Kathryn Markel Fine Arts
529 W 20th St, Suite 6W, New York
Tuesday - Friday 10am - 6pm, Saturday 11am - 6pm
Marcelyn McNeil, Revising Making-Nice
Sep 07-Oct 14
Kathryn Markel Fine Arts is pleased to present Revising Making-Nice, Marcelyn McNeils second solo show at the gallery.
Marcelyn McNeils latest large-scale abstract oil paintings react against the tendency to overly manicure work. While her strong sense of color remains, McNeil strives to loosen up and broaden her vocabulary. She combines poured paint, fades, and drawing to create new relationships between softer forms.
High-pitched color amplifies the energy that has always existed in McNeils work, but now there is a greater sense of playfulness, sensuality, and risk. The interplay of competing elements activates the paintings so that they nearly feel animated. They are exuberant yet quietly confident, fueled by off-kilter humor and anthropomorphism.
Yet McNeil is steadfastly a modernist in that she remains faithful to the flatness of the surface, eschewing modeling or linear perspective to create the illusion of depth through color and shape. Formalism moves freely in and out of her work. Her compositions appear both carefully considered and the result of intuitive exploration.
Marcelyn McNeil has been exhibited throughout the United States including at the Wichita Center for the Arts, the Texas Biennial, the University of Dallas, and the Harvester Arts Center, among other institutions. She received a MacDowell Colony Fellowship in 2011, and was rewarded the Visual Artist of the Year by the Decorative Arts Center Houston in 2015, along with other accolades. She has a BFA from Pacific Northwest College of Art in Portland and an MFA from the University of Illinois at Chicago. She lives and works in Houston, TX.
Lisa Breslow: Recent Paintings
Oct 19-Nov 25
Lisa Breslows landscapes and cityscapes are an exercise in contrasts. Both the natural world and architectural grit have a place in her work, highlighting the pull of New York City created by these opposing forces existing side-by-side. Breslow distills her depictions of our surroundings down to their essence, creating atmospheric scenes activated by mood, energy, and light rather than a literal portrayal. Her streets and parks feel familiar, but not quite your own.
Attentive to subtle moments of harmony, Breslows cityscapes are snapshots of fleeting beauty. We know these roads are busy, these sidewalks are bustling, these blocks are loud, yet in Breslows world they are quiet and meditative. The tranquility of Central Park is a natural fit for this instinct, and is a regular star of her landscapes. Sensitive to the subtle changes throughout the day and intrigued by the aesthetic overhauls from season to season, Breslow makes each return to the park feel new. The excitement she has while building the lush reflections in the lake is evident.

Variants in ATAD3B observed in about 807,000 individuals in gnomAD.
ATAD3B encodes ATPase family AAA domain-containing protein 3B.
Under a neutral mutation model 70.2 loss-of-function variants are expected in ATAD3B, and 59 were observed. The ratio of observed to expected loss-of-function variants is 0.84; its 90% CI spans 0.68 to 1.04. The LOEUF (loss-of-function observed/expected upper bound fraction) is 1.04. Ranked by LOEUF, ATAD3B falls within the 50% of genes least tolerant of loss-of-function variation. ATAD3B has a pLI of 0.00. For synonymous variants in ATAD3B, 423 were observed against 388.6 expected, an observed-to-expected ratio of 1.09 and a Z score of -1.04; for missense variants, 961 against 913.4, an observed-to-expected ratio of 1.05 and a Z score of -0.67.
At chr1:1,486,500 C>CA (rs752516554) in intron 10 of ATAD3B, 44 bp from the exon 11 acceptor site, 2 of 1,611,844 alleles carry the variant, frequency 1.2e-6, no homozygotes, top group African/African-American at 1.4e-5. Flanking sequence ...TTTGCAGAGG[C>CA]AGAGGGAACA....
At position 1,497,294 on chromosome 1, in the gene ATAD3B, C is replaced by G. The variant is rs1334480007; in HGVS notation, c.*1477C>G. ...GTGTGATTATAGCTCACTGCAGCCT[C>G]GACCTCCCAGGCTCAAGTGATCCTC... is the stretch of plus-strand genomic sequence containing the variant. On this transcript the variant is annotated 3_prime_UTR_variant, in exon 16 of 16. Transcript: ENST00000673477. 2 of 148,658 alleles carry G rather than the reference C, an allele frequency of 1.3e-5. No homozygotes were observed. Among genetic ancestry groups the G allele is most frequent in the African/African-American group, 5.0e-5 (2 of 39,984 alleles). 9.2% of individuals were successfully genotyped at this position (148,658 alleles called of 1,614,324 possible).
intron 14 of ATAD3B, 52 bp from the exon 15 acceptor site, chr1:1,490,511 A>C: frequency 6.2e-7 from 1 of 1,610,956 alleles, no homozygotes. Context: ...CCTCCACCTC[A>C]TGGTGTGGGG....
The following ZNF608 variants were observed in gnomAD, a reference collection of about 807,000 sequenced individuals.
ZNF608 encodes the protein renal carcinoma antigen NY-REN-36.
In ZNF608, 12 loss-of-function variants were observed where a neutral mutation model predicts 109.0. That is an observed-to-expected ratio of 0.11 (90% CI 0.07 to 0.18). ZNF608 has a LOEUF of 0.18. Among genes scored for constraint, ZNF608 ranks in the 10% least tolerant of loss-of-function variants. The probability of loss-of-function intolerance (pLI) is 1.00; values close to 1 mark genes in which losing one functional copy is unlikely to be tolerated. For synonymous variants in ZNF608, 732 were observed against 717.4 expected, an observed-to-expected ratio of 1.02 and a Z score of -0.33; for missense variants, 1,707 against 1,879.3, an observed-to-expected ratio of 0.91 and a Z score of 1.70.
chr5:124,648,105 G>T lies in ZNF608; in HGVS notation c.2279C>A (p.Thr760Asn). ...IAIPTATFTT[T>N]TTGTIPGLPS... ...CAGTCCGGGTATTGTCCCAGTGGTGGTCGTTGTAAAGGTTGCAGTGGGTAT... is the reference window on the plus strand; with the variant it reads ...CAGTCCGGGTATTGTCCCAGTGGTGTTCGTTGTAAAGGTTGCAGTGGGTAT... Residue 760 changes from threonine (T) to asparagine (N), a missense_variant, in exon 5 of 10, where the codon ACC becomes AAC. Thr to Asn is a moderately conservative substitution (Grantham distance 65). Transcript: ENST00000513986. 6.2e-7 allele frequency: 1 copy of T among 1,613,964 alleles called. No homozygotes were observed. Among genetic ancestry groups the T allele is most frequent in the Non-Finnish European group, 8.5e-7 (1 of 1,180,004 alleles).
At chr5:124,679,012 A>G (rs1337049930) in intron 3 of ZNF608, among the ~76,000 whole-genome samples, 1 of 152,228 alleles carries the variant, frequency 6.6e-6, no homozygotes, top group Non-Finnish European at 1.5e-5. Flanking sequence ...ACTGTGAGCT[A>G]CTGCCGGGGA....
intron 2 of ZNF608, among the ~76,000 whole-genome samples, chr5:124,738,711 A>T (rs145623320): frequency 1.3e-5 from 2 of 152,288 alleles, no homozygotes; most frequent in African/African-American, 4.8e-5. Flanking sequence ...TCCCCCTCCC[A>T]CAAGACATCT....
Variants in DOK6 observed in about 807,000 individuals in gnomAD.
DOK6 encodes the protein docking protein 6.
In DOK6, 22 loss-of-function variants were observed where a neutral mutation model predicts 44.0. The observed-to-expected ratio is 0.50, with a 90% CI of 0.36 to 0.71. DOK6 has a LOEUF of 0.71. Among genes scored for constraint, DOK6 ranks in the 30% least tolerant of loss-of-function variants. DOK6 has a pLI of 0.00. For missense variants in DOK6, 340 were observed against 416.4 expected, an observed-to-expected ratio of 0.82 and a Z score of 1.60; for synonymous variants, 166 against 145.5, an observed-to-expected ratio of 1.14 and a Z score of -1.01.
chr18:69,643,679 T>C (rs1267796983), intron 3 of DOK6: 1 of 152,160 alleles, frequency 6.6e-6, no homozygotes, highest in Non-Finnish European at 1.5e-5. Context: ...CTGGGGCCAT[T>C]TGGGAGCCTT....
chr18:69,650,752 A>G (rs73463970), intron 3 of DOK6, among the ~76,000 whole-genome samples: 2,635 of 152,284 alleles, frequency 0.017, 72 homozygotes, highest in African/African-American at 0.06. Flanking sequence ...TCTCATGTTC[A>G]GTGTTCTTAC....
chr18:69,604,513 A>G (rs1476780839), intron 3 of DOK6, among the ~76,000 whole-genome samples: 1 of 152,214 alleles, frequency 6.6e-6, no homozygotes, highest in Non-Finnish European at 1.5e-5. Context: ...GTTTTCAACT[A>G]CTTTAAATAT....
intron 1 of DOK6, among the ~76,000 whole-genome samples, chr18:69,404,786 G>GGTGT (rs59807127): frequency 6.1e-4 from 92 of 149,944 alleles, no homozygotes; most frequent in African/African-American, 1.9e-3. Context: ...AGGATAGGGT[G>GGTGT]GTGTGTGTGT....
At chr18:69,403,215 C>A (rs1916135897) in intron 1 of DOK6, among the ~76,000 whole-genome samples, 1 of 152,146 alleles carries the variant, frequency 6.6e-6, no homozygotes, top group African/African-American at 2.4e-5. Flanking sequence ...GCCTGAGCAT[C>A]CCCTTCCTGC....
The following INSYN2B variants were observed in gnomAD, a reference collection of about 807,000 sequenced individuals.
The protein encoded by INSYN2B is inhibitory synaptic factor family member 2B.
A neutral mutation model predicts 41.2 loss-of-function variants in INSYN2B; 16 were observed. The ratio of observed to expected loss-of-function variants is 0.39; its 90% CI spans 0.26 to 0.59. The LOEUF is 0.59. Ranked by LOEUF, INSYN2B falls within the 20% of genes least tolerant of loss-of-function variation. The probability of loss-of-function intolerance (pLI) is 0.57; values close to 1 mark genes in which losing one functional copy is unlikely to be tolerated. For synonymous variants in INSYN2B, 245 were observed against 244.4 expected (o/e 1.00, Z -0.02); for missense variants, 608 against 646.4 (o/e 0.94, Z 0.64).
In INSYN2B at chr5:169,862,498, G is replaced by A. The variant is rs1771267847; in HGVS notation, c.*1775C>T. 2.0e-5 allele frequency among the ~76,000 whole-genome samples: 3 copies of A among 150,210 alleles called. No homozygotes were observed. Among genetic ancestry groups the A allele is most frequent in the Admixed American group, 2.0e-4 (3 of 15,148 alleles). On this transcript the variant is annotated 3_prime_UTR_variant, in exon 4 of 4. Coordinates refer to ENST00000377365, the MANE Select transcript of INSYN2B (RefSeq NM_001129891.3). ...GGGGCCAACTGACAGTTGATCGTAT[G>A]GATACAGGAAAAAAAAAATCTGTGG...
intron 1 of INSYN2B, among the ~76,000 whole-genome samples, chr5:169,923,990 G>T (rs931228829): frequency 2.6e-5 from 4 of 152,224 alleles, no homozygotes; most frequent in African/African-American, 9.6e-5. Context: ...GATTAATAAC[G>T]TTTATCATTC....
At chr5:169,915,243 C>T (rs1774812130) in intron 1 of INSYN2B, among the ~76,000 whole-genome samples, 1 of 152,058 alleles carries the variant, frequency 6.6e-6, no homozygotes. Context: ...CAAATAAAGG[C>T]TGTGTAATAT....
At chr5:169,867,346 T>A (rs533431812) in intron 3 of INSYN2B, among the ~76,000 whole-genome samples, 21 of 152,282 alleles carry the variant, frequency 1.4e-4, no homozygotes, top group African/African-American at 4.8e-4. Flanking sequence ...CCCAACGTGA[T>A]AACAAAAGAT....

In her latest work, Breslow expands on her tonalist sensibilities and emboldens her compositions with a more heightened and varied color palette. Her scenes revel in the interplay of light, color, and form, and capturing these elements with looser, broader brushstrokes has her work inching ever closer to abstraction. To resist being caught up in specificity, Breslow often turns her panels as she works to keep it fresh and less confined. Striving for a pared down simplicity, her paintings appear mirage-like. They do not represent the city as you see it day-to-day, but the city you imagine in your fondest memories.
Lisa Breslow has exhibited extensively in the United States, including recently at the Heritage Museum and the Heckscher Museum. She has been awarded two Pollock-Krasner Foundation awards, as well as an award from the National Academy Museum in New York, and was an Invited Artist at the Center for Contemporary Printmaking. She lives and works in New York City.
Susan English: Intervals
Oct 19-Nov 25
An interval can signify the transition between places, events, or time. It is in these spaces that Susan English thrives. Her works are specifically calibrated sequences of intervals, activated by those particular moments of passage between color and surface. These narrative relationships can either evoke a sense of vastness or of intimacy.
English begins with small watercolor studies inspired by the symbiosis of color and light. They are essentially landscapes reduced to their simplest forms, coastal horizons pared down to bands of land, ocean, and sky. Then, she proceeds to pour transparent layers of tinted polymer onto panels, tilting and shifting the surfaces as they spread and pool across the plane. These panels are assembled into a narrative sequence that resonates with English, and left to dry. Ultimately, this process is left up to fate. As those layers harden, English can barely predict how the colors may change, or where cracks, coagulations, or pools of paint appear. Sometimes, English will pour again, rearrange the panels, or cut them down until shes satisfied. Her final surfaces capture a delicate relationship between control and accident.
An interval can also signify a pause, a moment to stop and take a breath between bouts of activity. With its tranquil palette and ability to draw you into a meditative space as you get lost in its layers, Englishs work represents an opportunity to take this breath. She creates a catalyst for the immersive experience she makes room for when finding inspiration a chance to solely get lost in observation.
Susan English has exhibited widely throughout the United States. She has been a Saltenstall Foundation Fellow, and a Teaching Artist at Dia:Beacon. She has an MFA from Hunter College, and studied at the New York Studio School. She lives and works in Cold Spring, NY.